Words for Wandering: A Traveler’s Vocabulary List

In my humble opinion, one of the most awe-inspiring things that human beings have developed is language. In fact, people have created 7,000 dialects of 2,700 different languages worldwide. Over 231 languages have now been declared to be “dead,” and every 1-2 weeks, another dialect or language meets the same grim fate. There are even over 200 artificial languages, which are tongues that were created for books, movies, and television floating around. Tolkien’s Lord of the Rings accounts for either 12 or 13 of them (depending on which source you believe). In summary, whether it is of the written, spoken, or signed variety, language is an entity as complex as it is vital for human survival and happiness.

Although I only speak English, some Spanish, and a few phrases in Gaelic that I learned from Celtic Thunder (don’t judge me), I collect interesting words, both from languages that I am familiar with and from ones that I can’t even guess how to pronounce. Lately, as I’ve been starting to plan my trip to London, I’ve been paying special attention to the words I’ve compiled that revolve around journeys, travel, and locations. Going to a place that you’ve never been before is almost always a fascinating experience, and going to an entirely new country when I’ve never left the U.S. before comes with the kind of feelings that are difficult to express. Luckily, with the help of a few languages, that process becomes much easier. Here are some of my favorite words relating to places and travel, in no particular order, and how I relate to them:

  1. Resfeber (n.) Swedish for the nervous feeling before undertaking a journey, where anxiety and anticipation tangle together. For me, this always manifests as the nausea and sweaty palms that I feel sitting in the airport as I wait for a flight.
  2. Dépaysement (n.) French for the disorientation felt in a foreign country or culture, the sense of being a fish out of water. When I tell people that I am getting my master’s in another country, and they inform me about how certain practices are much different across the pond (like measuring things in grams rather than pounds and the concept of afternoon tea), I get a fish out of water feeling.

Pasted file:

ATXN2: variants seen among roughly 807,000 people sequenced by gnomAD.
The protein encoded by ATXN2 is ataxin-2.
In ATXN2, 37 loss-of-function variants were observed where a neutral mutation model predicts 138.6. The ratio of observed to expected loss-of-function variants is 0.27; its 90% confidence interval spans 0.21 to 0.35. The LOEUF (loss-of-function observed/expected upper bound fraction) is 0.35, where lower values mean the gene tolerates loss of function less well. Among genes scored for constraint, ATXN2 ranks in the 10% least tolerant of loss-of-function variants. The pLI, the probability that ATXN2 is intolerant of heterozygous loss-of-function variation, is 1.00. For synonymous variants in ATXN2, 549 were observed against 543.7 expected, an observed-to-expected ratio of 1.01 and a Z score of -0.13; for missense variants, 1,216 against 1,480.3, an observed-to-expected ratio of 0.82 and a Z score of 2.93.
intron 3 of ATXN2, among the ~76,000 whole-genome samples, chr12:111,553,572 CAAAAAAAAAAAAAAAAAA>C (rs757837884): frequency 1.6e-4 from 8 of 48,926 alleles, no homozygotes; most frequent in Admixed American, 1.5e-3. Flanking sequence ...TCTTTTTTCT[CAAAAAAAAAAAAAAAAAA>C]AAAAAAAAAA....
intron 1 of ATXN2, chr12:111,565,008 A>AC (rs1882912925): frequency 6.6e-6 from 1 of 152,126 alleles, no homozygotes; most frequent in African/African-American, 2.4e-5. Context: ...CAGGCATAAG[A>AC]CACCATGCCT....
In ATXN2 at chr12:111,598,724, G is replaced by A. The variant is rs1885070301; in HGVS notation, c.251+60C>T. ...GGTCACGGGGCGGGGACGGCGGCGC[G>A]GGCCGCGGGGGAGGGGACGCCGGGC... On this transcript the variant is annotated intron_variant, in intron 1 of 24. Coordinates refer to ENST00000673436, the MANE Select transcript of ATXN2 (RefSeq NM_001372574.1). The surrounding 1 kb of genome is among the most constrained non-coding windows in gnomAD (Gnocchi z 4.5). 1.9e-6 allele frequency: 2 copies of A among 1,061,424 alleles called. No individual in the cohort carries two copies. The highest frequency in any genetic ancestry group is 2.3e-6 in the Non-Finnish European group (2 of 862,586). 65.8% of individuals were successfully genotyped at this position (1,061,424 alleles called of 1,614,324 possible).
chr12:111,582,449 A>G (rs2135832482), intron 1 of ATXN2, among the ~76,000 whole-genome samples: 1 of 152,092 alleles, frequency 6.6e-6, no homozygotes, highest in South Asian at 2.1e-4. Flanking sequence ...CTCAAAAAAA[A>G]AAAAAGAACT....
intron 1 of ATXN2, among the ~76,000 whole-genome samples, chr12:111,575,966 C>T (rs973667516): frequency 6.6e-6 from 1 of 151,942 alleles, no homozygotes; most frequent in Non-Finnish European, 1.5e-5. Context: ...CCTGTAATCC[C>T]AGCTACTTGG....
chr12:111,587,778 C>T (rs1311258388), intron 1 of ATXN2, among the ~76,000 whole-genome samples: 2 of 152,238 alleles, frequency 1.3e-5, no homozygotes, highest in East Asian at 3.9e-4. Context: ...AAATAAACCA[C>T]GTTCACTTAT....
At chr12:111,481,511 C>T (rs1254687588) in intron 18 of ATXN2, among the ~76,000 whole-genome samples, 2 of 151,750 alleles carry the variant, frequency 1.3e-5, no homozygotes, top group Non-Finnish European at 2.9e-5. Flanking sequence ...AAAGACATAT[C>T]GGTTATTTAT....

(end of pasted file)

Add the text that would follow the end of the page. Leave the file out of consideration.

3. Fernweh (n.) German for “farsickness,” an ache for distant places or for travelling. I am trying to assemble a bucket list of things to do while I am in London, and seeing how amazing all of the sites will be makes me long to be there so that I can start experiencing it.
  4. Occhiolism (n.) The awareness of the smallness of your perspective.  The same emotion swept over me when I stood on top of the canyon walls in Zion National Park, as I realized that I was just a small speck in comparison to the vastness of nature.
  5. Wasuremono (n.) Japanese for forgotten or lost things, as in an item left behind on a train or forgotten at home. Whenever I packed up to go to Concordia in California, I would always leave something behind that I really needed and I always took something with me that I never used. It’s like an irritating exchange process.
  6. Akihi (n.) Hawaiian for listening to directions and then walking off and promptly forgetting them. As someone who is notoriously bad at giving and taking directions (cue me getting lost in the neighborhoods of Sun River, OR), I hope that I get better at this as I learn to navigate East London.
  7. Videnda (n.) Latin adoption, “what is to be observed,” the things that should be seen or visited, especially because they mark the character of a person or place. Whenever you see a picture of Big Ben, the London Bridge, or a double decker bus, people think of London. Those are the kind of touristy things that I am looking forward to doing unabashedly. You’d better believe I’m getting a photo in a phone booth while I’m overseas.
  8. Coddiwomple (n.) To travel in a purposeful manner toward a vague destination. I did this a lot with my tour groups in NYC, as we would make great time in getting to an area like Greenwich or Brooklyn Heights, but once we got there, we would take our time strolling around, heading to no place in particular.
  9. Cynefin (n.) Welsh for a place where a person or animal feels it ought to live and belong, where the nature around you feels right and welcoming. Whenever I came home from break and my plane would land in Portland, I would see all the endless green of the trees and recognize my cynefin.
  10. Smultronställe (n.) German, literally “place of wild strawberries”; a special place discovered, treasured, and returned to for solace and relaxation; a personal idyll free from stress and sadness. When I was younger, this used to be the swingset in the back of my house where I would swing all of my stress away. Now that I’m older, I hope I can find a place of wild strawberries in the U.K. (actual strawberries not required).

So whether you have forgotten your toothbrush in a different state or are getting lost in a tangle of streets this summer, I hope that one of these words can find a home in your own vocabulary.

—Lauren

Credit to Wordstuck, Lingualinx.com, Migratingmiss.com, Buzzfeed, and Edudemic.com for the words and language facts.

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